"All great public squares have a monument with a statue, right? ... Everyone in town can agree about that. But whenever we discuss which historical figure should go up on that column, it turns into a fight. We can’t come to a consensus. So we’ve decided to leave it empty. One day, this person will come. And when they do, we will have a place waiting for their statue. This will bring great pride to Anse-à-Pitres.” — Places Journal
On Places, artist and filmmaker Joseph Redwood-Martinez shares photographs and anecdotes from a research project investigating examples of incomplete architecture around the world: "buildings and structures that are activated or inhabited even though their construction is not complete."
In the summer of 2011, photographer Victoria Cohen heard that the Chelsea Hotel would undergo drastic renovations to the structure, which was built in 1884. She spent three weeks documenting every nook and cranny of the building and the result is Hotel Chelsea, a collection of photographs of the interior in its authentic, untouched state, as so many knew and loved it. — Fast Company
Google's Street View is slowly covering more and more of the world's surface, but it still has holes. Now though, you can help fill them—and all you need is an Android phone or DSLR.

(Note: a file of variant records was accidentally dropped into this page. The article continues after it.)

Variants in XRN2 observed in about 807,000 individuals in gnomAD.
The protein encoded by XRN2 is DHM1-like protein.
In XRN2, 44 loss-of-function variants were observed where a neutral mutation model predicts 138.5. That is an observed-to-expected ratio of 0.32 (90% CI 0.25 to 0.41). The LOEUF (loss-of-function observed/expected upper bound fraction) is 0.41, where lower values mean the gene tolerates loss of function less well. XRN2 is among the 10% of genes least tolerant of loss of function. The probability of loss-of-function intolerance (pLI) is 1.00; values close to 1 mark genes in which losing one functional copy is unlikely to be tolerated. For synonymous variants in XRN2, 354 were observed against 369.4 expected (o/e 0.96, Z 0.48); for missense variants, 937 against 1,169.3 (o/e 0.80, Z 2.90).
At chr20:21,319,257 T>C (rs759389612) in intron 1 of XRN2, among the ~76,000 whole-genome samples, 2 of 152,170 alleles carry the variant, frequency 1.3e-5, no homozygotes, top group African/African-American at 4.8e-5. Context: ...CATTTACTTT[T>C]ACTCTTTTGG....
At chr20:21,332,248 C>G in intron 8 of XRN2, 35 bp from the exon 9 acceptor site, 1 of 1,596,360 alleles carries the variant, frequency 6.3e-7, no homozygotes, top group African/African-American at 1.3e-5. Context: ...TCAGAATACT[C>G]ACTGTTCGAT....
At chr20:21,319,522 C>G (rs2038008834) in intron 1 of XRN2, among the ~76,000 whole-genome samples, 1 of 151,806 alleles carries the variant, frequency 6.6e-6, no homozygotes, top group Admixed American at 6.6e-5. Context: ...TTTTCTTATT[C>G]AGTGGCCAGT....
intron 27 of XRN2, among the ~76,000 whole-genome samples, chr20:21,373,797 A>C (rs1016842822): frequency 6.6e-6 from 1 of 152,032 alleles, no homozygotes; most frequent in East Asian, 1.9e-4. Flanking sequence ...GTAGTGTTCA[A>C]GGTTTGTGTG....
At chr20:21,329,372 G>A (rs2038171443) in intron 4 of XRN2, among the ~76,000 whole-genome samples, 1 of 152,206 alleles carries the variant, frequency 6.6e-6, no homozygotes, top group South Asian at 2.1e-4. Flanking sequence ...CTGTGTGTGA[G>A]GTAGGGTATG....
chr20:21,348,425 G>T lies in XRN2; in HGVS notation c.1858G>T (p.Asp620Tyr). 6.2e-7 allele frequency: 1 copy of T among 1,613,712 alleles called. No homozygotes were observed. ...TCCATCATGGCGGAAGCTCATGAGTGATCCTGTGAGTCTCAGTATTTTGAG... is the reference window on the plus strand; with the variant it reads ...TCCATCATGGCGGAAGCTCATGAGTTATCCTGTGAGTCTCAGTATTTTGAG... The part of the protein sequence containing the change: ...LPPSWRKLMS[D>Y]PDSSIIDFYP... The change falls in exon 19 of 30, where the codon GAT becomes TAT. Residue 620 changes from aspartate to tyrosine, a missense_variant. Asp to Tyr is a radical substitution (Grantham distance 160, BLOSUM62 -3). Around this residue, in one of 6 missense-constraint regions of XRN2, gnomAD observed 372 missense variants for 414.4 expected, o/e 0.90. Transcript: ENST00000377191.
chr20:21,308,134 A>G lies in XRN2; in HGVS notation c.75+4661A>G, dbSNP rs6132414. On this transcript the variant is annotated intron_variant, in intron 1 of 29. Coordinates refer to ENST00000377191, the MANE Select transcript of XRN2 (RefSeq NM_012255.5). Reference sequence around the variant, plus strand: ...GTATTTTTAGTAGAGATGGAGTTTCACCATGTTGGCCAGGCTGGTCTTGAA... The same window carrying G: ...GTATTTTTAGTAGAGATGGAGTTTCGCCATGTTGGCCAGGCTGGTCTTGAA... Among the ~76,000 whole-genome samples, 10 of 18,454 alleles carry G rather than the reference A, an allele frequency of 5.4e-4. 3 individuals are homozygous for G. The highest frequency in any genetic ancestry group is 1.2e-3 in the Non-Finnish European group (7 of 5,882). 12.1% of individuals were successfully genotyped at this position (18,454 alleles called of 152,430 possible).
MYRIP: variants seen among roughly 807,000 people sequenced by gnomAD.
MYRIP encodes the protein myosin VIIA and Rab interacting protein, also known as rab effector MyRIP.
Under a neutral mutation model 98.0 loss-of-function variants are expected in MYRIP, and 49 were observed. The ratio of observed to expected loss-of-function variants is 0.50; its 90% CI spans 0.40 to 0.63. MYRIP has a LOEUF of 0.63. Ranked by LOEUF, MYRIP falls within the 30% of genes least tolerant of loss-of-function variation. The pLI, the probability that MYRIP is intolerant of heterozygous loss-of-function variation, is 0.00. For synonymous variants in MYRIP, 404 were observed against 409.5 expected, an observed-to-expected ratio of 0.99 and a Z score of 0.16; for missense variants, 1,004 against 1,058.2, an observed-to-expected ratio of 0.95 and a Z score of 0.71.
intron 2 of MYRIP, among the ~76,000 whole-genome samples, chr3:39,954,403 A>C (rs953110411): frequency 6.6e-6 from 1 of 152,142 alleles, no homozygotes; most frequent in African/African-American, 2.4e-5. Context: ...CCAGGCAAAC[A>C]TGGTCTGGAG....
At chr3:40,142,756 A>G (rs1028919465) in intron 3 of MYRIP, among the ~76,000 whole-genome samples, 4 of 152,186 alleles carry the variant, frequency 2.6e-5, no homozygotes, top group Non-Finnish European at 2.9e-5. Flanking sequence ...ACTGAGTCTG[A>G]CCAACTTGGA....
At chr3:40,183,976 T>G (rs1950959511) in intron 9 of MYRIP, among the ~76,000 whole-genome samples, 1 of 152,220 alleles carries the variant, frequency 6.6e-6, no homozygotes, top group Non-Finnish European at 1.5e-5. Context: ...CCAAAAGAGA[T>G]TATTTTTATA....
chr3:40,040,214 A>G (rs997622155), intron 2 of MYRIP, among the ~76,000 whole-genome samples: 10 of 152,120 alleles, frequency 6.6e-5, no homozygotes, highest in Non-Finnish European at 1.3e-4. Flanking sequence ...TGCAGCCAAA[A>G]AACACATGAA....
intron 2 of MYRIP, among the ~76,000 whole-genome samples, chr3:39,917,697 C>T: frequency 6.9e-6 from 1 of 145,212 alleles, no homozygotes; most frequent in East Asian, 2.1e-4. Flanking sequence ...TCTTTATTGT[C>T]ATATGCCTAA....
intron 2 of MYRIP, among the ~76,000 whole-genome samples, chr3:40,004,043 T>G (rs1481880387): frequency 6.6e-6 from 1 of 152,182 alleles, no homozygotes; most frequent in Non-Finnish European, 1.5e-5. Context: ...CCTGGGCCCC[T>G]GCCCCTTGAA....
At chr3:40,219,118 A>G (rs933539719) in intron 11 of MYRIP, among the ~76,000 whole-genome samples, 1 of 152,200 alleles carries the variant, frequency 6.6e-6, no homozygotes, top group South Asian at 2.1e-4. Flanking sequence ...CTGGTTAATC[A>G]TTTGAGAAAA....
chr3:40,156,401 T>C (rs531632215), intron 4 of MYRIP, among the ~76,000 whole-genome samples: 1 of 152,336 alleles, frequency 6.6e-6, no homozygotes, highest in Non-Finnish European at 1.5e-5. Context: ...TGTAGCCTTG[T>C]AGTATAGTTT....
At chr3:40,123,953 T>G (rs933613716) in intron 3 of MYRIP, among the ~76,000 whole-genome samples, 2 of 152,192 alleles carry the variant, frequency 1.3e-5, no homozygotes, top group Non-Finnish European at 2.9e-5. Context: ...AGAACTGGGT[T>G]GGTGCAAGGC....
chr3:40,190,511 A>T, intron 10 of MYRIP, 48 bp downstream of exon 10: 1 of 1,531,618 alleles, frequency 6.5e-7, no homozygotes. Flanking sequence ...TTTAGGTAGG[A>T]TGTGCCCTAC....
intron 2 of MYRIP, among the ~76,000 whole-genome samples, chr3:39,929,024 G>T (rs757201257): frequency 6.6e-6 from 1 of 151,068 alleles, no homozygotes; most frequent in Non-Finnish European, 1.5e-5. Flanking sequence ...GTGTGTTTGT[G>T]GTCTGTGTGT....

Google has just launched a new Street View feature which allows any user to recreate the usual Street View experience by stringing together photo spheres along paths which they define. — Gizmodo
The EyeTime 2013 competition has revealed the winning photographs in its two categories, Emerging Talent and Future Voices. The annual contest aims to promote the research, exploration and investigation currently happening amongst today's emerging talent. — bustler.net
The Eternal Space will visually recreate the marvel of the former Pennsylvania Station using the actual photographs that documented the station’s demise. [...] Using the latest in projection technology these arresting photographs will speak to the tragic demolition of an American architectural masterpiece [...] On the 50th anniversary of that great loss, The Eternal Space will pay tribute to the station and the gifted photographers who worked to immortalize it. — theeternalspaceplay.com
Architects, historians, and all urban enthusiasts are invited to a free evening event that will acknowledge the 50th anniversary of the demolition of NYC's Pennsylvania Station on Nov. 6 at the AIA | NY Center for Architecture. Hosted by AIA | NY, the program will begin with a live reading of...
Photographer Jennifer Williams' upcoming "The High Line Effect" exhibition at the Robert Mann Gallery in New York presents the recently constructed High Line with a Dada-esque collage aesthetic, adding a twist — so to speak — to architectural photography. This latest exhibition from Williams uniquely critiques construction, while also giving commentary on real estate development, zoning laws, habitation patterns, and other urban-living and architectural issues. — bustler.net
With an interest in the growth of new luxury buildings, other current projects of Williams include Renzo Piano’s new Whitney Museum and Zaha Hadid’s proposed condominium. The opening reception will be on Oct. 24, 6-8 p.m. The exhibition can also be viewed online starting that day.
Photographer Iwan Baan shows how people build homes in unlikely places, touring us through the family apartments of Torre David, a city on the water in Nigeria, and an underground village in China. Glorious images celebrate humanity's ability to survive and make a home -- anywhere. — youtube.com